But you can f.ex. hear

a) That when Joe Elliot sings the first, or one of the first, high phrases in the concerts, he's being careful of not overdoing the pressure on his throat so the sound is ever so slightly thin for a split second, probably so that he at leasts HITS the note in tune. But in a couple of seconds he finds his balance and adds slightly more meat to the sound until it's "just right".

B) Axl Rose starting the concert with two songs that have unusually many low notes, probably to warm up his voice a bit. Then when he starts to put in a few high phrases, he sounds good, but he's certainly not perfect. He's trying to get his balance of thinning the voice out with just the right amount as he goes up and down in pitch. It takes him a few songs to find that balance.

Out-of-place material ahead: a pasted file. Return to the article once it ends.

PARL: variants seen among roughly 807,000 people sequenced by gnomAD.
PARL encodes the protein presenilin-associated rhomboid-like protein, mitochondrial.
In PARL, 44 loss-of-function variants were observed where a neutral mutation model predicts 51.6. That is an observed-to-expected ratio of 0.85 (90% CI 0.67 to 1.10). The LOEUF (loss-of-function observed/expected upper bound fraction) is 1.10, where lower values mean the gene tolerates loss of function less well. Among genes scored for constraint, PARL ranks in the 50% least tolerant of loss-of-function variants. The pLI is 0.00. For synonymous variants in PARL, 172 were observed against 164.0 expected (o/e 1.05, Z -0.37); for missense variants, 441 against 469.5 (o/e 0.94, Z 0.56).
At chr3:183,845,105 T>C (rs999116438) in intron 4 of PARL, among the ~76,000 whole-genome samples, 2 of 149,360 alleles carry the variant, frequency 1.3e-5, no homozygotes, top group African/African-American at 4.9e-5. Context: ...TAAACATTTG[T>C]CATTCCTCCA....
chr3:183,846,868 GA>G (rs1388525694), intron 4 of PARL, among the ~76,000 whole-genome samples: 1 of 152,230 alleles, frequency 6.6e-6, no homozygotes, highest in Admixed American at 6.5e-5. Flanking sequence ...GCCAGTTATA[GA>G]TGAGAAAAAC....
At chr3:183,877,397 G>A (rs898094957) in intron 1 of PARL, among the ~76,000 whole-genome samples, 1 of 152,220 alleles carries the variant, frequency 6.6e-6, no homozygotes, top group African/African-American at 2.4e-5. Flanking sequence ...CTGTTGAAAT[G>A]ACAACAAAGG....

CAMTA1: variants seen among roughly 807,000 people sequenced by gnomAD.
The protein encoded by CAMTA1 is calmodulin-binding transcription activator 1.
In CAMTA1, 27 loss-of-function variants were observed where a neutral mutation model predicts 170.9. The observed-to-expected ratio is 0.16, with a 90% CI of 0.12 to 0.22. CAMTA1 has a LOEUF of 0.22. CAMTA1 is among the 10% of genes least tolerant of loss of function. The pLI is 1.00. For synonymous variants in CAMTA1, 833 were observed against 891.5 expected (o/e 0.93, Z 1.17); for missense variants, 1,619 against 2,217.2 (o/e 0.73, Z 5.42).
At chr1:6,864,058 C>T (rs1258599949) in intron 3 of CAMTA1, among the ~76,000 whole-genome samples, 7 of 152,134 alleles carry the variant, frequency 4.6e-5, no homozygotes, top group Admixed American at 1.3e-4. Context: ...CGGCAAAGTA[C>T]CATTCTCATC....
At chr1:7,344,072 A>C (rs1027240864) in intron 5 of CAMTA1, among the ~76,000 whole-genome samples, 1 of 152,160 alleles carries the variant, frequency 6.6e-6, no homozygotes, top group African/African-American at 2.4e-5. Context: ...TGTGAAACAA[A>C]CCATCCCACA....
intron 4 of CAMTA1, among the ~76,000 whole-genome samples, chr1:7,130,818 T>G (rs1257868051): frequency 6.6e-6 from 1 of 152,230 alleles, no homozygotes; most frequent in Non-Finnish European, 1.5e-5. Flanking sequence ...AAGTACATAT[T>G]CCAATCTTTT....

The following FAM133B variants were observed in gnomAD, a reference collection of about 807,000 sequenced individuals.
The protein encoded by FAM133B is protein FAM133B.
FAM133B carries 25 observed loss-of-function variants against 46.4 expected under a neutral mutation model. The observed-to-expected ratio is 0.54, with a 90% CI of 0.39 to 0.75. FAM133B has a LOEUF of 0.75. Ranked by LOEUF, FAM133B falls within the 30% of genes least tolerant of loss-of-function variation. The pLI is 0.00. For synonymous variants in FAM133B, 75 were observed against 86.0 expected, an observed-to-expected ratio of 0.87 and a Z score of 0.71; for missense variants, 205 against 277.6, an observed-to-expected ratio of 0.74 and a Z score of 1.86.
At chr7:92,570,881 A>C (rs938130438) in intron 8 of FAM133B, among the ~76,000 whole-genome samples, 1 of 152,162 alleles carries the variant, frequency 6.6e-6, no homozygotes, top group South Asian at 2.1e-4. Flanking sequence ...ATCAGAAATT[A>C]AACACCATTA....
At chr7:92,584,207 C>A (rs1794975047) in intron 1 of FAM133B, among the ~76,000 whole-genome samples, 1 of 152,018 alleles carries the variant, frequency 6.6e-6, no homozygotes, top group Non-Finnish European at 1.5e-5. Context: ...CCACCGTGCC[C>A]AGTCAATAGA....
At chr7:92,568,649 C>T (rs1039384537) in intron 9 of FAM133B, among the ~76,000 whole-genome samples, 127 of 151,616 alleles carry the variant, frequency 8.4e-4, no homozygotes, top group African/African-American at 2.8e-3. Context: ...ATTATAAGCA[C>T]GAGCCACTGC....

c) David Coverdale early in his career where he hadn't really mastered singing high notes, but, like Steven Tyler early on, rather sung in chest voice and did an occasional high scream. No middle voice because he hadn't learned how to bridge the low and high notes together. In fact I can hear him doing stuff that I've done in the past and that's reasshuring.

d) Robert Plant avoiding lots of high notes, f.ex. in the beginning song, "Rock 'n' roll", similar to what Freddy Mercury did.

Today's rock vocal lesson:

1. Twang like hell.

2. Thin the voice as you up, not too fast (otherwise you might sound too weak and thin) and not too slow (otherwise you might be flat and hurt your voice).

3. Sing with LOTS of intensity and feeling, like you REALLY mean it.

Have a nice one.

addendum to today's rock vocal lesson:

warm up thoroughly (often undervalued or overlooked)

get the throat open and relaxed

take the strain with with the lower core muscles

be sure to remain supported from the very onset of tone to the very end of a phrase